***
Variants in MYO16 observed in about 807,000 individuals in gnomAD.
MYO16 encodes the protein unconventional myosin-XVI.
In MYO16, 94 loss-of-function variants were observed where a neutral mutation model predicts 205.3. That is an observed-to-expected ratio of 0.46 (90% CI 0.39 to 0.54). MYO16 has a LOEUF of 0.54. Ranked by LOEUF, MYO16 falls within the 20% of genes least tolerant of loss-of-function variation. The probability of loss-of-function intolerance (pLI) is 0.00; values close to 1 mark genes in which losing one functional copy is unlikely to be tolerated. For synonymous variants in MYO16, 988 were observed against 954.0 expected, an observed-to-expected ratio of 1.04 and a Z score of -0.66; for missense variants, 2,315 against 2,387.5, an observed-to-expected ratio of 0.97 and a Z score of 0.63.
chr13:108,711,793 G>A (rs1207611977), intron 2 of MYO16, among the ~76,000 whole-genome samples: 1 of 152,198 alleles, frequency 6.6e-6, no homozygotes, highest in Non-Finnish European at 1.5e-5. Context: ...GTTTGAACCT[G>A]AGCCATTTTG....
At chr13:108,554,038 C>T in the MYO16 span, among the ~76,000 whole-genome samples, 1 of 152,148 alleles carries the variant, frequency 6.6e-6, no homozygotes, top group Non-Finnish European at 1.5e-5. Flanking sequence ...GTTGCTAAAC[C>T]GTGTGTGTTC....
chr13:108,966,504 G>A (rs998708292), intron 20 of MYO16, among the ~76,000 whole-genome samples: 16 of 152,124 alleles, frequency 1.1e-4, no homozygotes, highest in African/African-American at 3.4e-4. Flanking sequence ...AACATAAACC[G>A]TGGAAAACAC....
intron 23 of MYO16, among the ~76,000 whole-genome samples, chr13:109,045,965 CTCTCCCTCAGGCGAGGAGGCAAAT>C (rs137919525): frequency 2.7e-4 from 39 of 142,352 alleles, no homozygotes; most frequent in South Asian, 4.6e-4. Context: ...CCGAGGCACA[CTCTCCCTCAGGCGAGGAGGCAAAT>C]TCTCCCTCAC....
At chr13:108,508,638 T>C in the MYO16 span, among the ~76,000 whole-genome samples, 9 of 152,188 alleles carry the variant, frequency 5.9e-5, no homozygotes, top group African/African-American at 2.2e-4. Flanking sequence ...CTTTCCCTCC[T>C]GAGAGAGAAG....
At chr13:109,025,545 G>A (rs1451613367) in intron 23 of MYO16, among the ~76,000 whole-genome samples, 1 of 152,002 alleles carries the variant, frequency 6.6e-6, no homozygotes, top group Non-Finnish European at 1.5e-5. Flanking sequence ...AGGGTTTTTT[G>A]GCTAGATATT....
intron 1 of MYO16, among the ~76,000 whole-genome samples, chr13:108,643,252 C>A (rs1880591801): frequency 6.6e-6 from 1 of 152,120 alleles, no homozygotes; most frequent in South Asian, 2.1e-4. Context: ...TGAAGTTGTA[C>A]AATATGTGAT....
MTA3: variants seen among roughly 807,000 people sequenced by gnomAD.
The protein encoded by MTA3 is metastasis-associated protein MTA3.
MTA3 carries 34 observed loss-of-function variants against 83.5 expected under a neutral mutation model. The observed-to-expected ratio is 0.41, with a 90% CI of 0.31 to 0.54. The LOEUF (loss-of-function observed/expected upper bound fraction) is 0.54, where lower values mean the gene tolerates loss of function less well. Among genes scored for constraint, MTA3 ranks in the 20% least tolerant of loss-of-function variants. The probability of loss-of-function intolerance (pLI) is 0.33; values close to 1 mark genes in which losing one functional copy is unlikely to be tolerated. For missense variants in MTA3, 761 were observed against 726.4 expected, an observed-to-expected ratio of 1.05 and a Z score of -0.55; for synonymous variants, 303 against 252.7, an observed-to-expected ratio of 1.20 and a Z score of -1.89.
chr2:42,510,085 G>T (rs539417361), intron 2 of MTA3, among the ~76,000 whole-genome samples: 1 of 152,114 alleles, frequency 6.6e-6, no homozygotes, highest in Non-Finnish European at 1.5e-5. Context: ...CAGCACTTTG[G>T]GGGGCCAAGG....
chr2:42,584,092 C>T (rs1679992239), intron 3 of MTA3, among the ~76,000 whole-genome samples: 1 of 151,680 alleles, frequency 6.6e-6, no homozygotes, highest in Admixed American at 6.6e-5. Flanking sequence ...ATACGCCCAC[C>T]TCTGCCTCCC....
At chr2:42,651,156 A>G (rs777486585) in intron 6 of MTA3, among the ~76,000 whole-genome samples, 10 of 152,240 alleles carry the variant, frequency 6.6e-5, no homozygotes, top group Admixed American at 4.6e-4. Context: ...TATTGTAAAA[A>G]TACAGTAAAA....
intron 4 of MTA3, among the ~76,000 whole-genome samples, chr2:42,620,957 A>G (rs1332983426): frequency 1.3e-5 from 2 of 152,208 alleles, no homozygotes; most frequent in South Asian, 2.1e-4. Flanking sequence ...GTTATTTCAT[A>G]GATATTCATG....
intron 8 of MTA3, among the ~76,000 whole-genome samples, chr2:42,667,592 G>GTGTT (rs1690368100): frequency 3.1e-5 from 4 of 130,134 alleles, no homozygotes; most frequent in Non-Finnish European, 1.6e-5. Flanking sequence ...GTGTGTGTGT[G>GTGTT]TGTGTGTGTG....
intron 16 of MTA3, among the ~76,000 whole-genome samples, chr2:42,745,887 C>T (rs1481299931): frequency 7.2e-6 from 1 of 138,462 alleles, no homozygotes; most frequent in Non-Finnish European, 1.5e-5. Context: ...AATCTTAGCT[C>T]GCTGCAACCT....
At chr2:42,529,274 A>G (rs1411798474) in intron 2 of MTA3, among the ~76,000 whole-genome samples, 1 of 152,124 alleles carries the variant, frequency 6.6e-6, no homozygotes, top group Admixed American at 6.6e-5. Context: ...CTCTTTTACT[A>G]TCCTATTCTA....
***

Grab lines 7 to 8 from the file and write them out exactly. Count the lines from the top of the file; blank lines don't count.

intron 23 of MYO16, among the ~76,000 whole-genome samples, chr13:109,045,965 CTCTCCCTCAGGCGAGGAGGCAAAT>C (rs137919525): frequency 2.7e-4 from 39 of 142,352 alleles, no homozygotes; most frequent in South Asian, 4.6e-4. Context: ...CCGAGGCACA[CTCTCCCTCAGGCGAGGAGGCAAAT>C]TCTCCCTCAC....
At chr13:108,508,638 T>C in the MYO16 span, among the ~76,000 whole-genome samples, 9 of 152,188 alleles carry the variant, frequency 5.9e-5, no homozygotes, top group African/African-American at 2.2e-4. Flanking sequence ...CTTTCCCTCC[T>C]GAGAGAGAAG....